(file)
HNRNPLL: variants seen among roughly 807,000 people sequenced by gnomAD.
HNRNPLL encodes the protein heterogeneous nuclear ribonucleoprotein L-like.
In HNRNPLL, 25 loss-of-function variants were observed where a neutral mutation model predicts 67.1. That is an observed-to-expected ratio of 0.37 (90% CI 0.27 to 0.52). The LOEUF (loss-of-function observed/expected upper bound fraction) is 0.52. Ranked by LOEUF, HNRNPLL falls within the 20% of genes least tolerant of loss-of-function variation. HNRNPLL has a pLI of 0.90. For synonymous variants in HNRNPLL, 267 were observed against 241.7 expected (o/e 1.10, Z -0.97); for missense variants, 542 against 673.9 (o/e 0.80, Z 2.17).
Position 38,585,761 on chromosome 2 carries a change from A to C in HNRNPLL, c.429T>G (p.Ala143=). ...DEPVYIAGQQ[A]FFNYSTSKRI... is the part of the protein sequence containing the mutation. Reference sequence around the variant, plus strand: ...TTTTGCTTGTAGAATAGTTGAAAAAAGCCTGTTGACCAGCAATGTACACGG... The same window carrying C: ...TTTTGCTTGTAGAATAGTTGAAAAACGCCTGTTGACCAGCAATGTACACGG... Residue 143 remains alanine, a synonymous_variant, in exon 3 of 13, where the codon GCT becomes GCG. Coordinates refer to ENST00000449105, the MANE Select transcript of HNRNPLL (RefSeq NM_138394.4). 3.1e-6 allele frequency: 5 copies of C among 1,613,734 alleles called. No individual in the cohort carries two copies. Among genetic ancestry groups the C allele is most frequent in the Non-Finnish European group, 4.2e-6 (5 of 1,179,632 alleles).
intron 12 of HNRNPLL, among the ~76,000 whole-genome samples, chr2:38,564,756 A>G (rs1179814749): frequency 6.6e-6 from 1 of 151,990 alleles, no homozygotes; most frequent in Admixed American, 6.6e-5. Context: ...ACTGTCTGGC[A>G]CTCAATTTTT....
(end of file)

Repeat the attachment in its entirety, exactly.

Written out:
HNRNPLL: variants seen among roughly 807,000 people sequenced by gnomAD.
HNRNPLL encodes the protein heterogeneous nuclear ribonucleoprotein L-like.
In HNRNPLL, 25 loss-of-function variants were observed where a neutral mutation model predicts 67.1. That is an observed-to-expected ratio of 0.37 (90% CI 0.27 to 0.52). The LOEUF (loss-of-function observed/expected upper bound fraction) is 0.52. Ranked by LOEUF, HNRNPLL falls within the 20% of genes least tolerant of loss-of-function variation. HNRNPLL has a pLI of 0.90. For synonymous variants in HNRNPLL, 267 were observed against 241.7 expected (o/e 1.10, Z -0.97); for missense variants, 542 against 673.9 (o/e 0.80, Z 2.17).
Position 38,585,761 on chromosome 2 carries a change from A to C in HNRNPLL, c.429T>G (p.Ala143=). ...DEPVYIAGQQ[A]FFNYSTSKRI... is the part of the protein sequence containing the mutation. Reference sequence around the variant, plus strand: ...TTTTGCTTGTAGAATAGTTGAAAAAAGCCTGTTGACCAGCAATGTACACGG... The same window carrying C: ...TTTTGCTTGTAGAATAGTTGAAAAACGCCTGTTGACCAGCAATGTACACGG... Residue 143 remains alanine, a synonymous_variant, in exon 3 of 13, where the codon GCT becomes GCG. Coordinates refer to ENST00000449105, the MANE Select transcript of HNRNPLL (RefSeq NM_138394.4). 3.1e-6 allele frequency: 5 copies of C among 1,613,734 alleles called. No individual in the cohort carries two copies. Among genetic ancestry groups the C allele is most frequent in the Non-Finnish European group, 4.2e-6 (5 of 1,179,632 alleles).
intron 12 of HNRNPLL, among the ~76,000 whole-genome samples, chr2:38,564,756 A>G (rs1179814749): frequency 6.6e-6 from 1 of 151,990 alleles, no homozygotes; most frequent in Admixed American, 6.6e-5. Context: ...ACTGTCTGGC[A>G]CTCAATTTTT....